Dr. Chet Richards has a methodical review up at DNI on Antoine Bousquet’s new book The Scientific Way of Warfare: Order and Chaos on the Battlefields of Modernity:
….Bousquet opens with and ultimately answers the question of “does network-centric warfare (NCW) work?” To reach his conclusion, he proposes four “regimes” in the application of science to modern warfare:
- Mechanism, whose “key technology” was the clock, whose scientific framework was Newtonian, and whose military format was what we’d call first generation warfare — line, column, conformance, regularity
- Thermodynamics, characterized by engines, whose framework included entropy, energy, and probability, and whose military paradigm was 2GW (Bousquet does not use the generations of war model)
- Cybernetics — computers — whose scientific concepts included “negentropy,” negative feedback, homeostasis and whose military model would be modern 2GW, with heavy top-down, real time command and control
- Chaoplexity, where networks reign, whose framework is built upon the new sciences of non-linearity, complexity, chaos, and self-organization, and where warfare is conducted by decentralized cells, teams, or swarms — what we would call both 3GW and 4GW (p. 30)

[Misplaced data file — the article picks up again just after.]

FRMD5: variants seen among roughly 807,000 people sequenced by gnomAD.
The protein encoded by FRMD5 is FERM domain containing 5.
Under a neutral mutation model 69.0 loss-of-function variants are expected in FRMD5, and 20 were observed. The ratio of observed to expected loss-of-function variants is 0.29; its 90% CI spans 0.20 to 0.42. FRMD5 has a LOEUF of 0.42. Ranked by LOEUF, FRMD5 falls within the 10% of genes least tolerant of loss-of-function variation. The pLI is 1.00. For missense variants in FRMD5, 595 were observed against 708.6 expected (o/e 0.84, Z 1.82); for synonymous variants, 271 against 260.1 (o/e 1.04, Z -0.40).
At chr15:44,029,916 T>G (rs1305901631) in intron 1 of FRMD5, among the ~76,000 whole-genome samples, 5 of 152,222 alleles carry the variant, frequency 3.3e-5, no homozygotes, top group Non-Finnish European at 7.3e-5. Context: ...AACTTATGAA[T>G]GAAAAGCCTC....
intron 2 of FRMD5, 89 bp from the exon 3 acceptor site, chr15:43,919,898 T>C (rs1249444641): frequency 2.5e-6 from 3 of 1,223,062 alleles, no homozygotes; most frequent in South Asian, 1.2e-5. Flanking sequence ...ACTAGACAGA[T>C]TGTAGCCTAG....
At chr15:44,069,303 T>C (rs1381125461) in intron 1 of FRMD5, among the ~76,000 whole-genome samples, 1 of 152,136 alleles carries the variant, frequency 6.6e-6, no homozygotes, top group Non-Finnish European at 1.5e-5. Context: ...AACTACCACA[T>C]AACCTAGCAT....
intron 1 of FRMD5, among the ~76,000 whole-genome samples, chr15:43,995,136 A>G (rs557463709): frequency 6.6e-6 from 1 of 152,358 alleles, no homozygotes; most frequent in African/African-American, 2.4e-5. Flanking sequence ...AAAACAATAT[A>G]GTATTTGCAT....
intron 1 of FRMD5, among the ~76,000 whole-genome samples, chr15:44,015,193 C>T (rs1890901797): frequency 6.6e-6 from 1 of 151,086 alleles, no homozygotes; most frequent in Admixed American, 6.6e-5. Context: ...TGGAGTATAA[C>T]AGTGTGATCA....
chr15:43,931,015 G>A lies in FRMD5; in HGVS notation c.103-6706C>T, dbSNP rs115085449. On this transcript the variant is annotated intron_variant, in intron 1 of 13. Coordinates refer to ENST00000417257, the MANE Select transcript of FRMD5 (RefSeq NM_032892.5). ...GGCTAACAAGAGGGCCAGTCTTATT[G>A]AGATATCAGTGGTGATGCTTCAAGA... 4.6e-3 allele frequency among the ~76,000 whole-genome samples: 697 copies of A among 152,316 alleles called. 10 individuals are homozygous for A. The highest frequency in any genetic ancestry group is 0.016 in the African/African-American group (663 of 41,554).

Subsequent chapters take the reader on a tour of these ideas in turn, exploring their evolution as scientific patterns and their influence on the warfare of their, and subsequent, eras. So the chapter on mechanistic warfare introduces Vauban, close-order drill, and culminates in Frederick the Great’s Clockwork Army. The next chapter, Thermodynamic Warfare, concludes with Clausewitz, which is a stretch, of course, since the great Prussian died in 1831, some 20 years before the first publications in that discipline. But with liberal interpretation of the massive text of On War, passages can be found that seem like precursors of the Second Law. Bousquet does point out that these interpretations were not made in Clausewitz’s day but were retrofitted by later analysts and generals, including as he also notes, John Boyd.
Read the rest here. Good stuff!